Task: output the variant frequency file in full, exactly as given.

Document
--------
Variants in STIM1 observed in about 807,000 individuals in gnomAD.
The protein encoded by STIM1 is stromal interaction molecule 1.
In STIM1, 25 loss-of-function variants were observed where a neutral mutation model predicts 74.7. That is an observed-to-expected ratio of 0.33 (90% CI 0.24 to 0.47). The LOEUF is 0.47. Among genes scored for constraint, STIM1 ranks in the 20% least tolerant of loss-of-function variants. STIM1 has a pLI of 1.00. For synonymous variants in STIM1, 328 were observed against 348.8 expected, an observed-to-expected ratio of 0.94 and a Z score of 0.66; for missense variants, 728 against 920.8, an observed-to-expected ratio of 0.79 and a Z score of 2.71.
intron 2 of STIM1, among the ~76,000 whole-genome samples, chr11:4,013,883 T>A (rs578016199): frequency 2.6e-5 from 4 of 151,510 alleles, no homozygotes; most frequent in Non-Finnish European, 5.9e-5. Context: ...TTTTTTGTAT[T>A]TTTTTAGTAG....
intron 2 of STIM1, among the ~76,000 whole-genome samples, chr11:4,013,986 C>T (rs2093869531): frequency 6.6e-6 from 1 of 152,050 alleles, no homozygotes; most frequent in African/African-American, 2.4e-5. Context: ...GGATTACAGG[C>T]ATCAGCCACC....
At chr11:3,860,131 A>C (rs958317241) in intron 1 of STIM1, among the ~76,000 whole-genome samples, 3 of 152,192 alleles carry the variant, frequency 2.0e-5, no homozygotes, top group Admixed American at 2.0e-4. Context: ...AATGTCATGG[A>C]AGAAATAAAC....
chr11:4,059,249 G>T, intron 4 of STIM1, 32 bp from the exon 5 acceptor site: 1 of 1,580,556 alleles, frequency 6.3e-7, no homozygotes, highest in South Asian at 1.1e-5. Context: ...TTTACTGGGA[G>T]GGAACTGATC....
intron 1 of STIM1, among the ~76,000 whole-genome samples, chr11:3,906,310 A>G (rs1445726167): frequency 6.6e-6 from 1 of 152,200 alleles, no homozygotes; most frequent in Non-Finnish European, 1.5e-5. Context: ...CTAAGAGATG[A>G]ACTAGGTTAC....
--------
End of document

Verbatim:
Variants in STIM1 observed in about 807,000 individuals in gnomAD.
The protein encoded by STIM1 is stromal interaction molecule 1.
In STIM1, 25 loss-of-function variants were observed where a neutral mutation model predicts 74.7. That is an observed-to-expected ratio of 0.33 (90% CI 0.24 to 0.47). The LOEUF is 0.47. Among genes scored for constraint, STIM1 ranks in the 20% least tolerant of loss-of-function variants. STIM1 has a pLI of 1.00. For synonymous variants in STIM1, 328 were observed against 348.8 expected, an observed-to-expected ratio of 0.94 and a Z score of 0.66; for missense variants, 728 against 920.8, an observed-to-expected ratio of 0.79 and a Z score of 2.71.
intron 2 of STIM1, among the ~76,000 whole-genome samples, chr11:4,013,883 T>A (rs578016199): frequency 2.6e-5 from 4 of 151,510 alleles, no homozygotes; most frequent in Non-Finnish European, 5.9e-5. Context: ...TTTTTTGTAT[T>A]TTTTTAGTAG....
intron 2 of STIM1, among the ~76,000 whole-genome samples, chr11:4,013,986 C>T (rs2093869531): frequency 6.6e-6 from 1 of 152,050 alleles, no homozygotes; most frequent in African/African-American, 2.4e-5. Context: ...GGATTACAGG[C>T]ATCAGCCACC....
At chr11:3,860,131 A>C (rs958317241) in intron 1 of STIM1, among the ~76,000 whole-genome samples, 3 of 152,192 alleles carry the variant, frequency 2.0e-5, no homozygotes, top group Admixed American at 2.0e-4. Context: ...AATGTCATGG[A>C]AGAAATAAAC....
chr11:4,059,249 G>T, intron 4 of STIM1, 32 bp from the exon 5 acceptor site: 1 of 1,580,556 alleles, frequency 6.3e-7, no homozygotes, highest in South Asian at 1.1e-5. Context: ...TTTACTGGGA[G>T]GGAACTGATC....
intron 1 of STIM1, among the ~76,000 whole-genome samples, chr11:3,906,310 A>G (rs1445726167): frequency 6.6e-6 from 1 of 152,200 alleles, no homozygotes; most frequent in Non-Finnish European, 1.5e-5. Context: ...CTAAGAGATG[A>G]ACTAGGTTAC....